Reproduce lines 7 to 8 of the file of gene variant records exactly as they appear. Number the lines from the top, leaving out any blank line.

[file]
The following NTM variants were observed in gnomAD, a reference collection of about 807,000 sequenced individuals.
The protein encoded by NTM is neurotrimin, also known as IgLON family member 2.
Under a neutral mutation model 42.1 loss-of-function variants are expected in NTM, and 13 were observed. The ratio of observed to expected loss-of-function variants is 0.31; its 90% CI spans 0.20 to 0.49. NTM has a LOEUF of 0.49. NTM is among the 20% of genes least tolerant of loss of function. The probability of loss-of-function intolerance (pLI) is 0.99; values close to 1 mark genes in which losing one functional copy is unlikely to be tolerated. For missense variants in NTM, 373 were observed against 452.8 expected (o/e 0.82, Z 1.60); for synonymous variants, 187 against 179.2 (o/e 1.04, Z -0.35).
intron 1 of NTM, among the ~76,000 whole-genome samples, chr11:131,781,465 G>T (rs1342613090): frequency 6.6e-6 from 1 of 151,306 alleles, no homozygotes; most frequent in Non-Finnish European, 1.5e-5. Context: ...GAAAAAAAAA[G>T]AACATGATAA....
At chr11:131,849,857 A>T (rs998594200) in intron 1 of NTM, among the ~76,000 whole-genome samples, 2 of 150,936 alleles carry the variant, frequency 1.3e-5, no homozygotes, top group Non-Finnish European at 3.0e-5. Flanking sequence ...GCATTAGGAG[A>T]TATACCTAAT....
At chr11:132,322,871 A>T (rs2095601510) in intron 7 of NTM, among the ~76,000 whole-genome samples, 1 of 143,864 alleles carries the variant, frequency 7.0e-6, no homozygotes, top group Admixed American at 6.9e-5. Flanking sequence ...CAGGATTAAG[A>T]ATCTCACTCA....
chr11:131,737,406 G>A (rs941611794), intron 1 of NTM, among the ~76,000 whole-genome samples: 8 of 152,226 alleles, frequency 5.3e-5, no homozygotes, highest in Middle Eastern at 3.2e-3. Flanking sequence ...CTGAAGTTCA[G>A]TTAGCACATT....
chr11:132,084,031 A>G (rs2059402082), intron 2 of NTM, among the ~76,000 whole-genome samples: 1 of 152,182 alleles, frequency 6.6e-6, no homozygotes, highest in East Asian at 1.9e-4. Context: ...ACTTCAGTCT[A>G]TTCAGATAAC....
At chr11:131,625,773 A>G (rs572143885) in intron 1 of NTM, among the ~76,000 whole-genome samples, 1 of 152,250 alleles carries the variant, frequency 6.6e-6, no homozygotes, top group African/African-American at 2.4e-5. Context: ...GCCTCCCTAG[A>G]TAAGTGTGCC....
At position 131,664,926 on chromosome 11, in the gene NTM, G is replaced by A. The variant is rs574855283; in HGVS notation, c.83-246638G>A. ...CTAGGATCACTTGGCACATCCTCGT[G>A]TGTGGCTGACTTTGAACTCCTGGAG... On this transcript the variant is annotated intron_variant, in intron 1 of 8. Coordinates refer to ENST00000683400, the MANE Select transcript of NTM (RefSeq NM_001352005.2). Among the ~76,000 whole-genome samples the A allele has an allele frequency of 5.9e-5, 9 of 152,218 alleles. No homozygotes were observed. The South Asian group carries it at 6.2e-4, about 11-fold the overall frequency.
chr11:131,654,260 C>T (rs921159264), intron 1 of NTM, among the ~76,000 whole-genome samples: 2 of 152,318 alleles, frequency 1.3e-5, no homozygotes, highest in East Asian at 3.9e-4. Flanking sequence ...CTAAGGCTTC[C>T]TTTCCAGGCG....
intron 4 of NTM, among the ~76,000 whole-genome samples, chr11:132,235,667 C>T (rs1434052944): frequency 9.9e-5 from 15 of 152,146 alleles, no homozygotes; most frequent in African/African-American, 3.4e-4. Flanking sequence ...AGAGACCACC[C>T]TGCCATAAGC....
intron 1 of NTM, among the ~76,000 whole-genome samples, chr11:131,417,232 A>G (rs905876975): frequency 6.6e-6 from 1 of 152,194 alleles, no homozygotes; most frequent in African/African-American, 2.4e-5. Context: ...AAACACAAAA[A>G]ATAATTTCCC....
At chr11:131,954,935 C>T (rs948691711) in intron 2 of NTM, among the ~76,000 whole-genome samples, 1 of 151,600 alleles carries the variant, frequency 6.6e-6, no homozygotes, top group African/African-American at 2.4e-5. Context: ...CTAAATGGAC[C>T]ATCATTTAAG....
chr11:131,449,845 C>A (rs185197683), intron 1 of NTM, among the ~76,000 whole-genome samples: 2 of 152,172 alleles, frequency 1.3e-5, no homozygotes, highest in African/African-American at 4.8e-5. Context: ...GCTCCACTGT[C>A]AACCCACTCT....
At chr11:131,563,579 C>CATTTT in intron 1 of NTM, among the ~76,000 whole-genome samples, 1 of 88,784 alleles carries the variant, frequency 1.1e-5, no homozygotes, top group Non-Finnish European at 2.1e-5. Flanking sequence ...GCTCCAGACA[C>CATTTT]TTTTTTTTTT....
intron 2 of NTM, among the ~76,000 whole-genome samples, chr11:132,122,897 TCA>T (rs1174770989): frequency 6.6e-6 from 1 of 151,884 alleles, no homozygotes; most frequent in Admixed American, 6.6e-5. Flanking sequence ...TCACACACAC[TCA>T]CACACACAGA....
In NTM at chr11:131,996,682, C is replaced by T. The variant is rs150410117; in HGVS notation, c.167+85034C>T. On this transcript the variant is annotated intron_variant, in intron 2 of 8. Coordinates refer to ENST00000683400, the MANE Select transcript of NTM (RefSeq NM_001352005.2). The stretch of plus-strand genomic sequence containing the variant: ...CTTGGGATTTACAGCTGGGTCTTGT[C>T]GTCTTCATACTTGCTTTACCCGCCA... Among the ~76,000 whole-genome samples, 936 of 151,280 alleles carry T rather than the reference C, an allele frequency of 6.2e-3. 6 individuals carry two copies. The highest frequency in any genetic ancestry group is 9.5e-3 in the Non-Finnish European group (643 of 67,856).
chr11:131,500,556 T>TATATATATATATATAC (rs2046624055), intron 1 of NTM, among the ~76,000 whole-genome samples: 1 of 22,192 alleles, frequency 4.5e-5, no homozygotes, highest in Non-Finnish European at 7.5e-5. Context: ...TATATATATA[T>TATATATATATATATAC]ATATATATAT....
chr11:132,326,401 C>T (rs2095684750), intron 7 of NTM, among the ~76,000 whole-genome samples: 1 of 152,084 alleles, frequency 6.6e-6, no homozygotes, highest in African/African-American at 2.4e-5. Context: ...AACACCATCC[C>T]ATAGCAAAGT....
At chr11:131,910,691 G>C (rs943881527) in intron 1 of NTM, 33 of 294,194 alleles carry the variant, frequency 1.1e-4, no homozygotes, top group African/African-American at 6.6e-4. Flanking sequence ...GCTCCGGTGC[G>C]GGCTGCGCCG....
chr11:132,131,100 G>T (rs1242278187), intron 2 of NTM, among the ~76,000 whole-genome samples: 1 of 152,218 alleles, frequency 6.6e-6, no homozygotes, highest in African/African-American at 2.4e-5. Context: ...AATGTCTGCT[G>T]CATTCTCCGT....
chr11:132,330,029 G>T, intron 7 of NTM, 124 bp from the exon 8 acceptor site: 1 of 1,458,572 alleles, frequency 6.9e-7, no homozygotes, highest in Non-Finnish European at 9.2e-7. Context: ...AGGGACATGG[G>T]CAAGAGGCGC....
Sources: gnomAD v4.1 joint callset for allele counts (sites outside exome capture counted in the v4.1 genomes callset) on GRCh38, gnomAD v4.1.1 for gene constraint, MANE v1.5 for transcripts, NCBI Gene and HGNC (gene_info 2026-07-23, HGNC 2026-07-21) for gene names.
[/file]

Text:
chr11:131,737,406 G>A (rs941611794), intron 1 of NTM, among the ~76,000 whole-genome samples: 8 of 152,226 alleles, frequency 5.3e-5, no homozygotes, highest in Middle Eastern at 3.2e-3. Flanking sequence ...CTGAAGTTCA[G>A]TTAGCACATT....
chr11:132,084,031 A>G (rs2059402082), intron 2 of NTM, among the ~76,000 whole-genome samples: 1 of 152,182 alleles, frequency 6.6e-6, no homozygotes, highest in East Asian at 1.9e-4. Context: ...ACTTCAGTCT[A>G]TTCAGATAAC....